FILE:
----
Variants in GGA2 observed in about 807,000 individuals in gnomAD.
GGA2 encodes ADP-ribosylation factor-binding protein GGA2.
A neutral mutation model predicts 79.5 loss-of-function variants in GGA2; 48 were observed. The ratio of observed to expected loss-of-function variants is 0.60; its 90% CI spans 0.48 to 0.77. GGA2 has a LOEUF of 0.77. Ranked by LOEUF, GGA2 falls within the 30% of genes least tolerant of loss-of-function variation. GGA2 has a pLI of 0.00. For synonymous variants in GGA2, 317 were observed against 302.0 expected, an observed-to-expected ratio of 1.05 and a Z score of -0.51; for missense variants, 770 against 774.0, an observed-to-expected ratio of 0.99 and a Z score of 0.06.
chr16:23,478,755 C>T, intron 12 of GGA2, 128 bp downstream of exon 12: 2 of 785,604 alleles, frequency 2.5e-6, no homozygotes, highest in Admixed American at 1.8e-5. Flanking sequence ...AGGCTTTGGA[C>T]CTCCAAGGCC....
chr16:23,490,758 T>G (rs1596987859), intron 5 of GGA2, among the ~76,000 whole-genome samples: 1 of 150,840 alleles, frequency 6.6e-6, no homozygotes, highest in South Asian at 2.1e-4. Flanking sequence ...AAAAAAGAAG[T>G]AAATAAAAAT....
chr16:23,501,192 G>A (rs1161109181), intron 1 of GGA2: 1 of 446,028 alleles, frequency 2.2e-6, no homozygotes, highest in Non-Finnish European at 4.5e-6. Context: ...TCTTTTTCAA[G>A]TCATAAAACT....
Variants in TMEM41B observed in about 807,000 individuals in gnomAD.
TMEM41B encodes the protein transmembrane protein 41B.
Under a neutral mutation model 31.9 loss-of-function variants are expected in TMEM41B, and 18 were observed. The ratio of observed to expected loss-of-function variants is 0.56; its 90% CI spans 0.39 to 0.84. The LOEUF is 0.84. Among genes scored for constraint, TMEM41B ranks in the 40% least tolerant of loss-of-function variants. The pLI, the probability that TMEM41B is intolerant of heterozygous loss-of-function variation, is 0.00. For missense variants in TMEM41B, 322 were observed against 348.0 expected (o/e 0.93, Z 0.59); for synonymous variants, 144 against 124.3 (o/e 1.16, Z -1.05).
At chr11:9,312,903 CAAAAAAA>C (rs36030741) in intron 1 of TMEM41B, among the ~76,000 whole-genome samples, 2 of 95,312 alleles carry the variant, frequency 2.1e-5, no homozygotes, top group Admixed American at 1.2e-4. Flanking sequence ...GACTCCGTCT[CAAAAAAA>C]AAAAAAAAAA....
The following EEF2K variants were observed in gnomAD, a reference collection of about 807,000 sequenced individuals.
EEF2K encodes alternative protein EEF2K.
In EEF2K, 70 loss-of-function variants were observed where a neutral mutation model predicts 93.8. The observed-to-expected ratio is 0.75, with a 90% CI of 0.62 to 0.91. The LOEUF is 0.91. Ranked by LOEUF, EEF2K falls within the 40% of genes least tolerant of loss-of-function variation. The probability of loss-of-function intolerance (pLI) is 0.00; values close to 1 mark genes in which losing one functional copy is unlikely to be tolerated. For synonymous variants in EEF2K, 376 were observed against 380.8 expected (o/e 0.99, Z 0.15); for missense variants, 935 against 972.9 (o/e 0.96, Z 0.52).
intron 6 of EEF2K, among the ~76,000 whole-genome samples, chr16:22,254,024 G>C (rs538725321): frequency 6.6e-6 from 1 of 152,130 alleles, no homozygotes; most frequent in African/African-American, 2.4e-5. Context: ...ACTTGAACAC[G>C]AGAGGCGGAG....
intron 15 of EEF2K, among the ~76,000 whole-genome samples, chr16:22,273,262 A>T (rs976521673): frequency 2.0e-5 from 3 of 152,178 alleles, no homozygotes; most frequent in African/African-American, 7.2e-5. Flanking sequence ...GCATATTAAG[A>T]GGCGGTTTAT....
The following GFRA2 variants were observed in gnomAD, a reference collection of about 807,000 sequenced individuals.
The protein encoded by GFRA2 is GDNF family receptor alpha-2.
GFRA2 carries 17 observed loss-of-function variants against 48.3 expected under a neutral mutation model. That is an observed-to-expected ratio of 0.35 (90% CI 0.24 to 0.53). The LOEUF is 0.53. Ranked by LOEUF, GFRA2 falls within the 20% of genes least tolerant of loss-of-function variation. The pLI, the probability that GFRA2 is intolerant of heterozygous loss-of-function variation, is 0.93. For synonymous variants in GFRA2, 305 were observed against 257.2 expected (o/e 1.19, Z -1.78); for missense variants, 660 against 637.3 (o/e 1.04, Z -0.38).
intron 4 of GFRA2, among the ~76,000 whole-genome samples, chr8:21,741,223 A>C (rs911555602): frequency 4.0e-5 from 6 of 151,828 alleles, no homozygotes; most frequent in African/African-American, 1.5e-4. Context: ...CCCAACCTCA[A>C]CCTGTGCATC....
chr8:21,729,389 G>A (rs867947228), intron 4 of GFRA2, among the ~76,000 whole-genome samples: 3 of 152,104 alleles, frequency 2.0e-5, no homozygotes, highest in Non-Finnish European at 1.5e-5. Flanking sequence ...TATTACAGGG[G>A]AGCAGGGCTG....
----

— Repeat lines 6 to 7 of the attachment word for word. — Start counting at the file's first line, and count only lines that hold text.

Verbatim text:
chr16:23,501,192 G>A (rs1161109181), intron 1 of GGA2: 1 of 446,028 alleles, frequency 2.2e-6, no homozygotes, highest in Non-Finnish European at 4.5e-6. Context: ...TCTTTTTCAA[G>A]TCATAAAACT....
Variants in TMEM41B observed in about 807,000 individuals in gnomAD.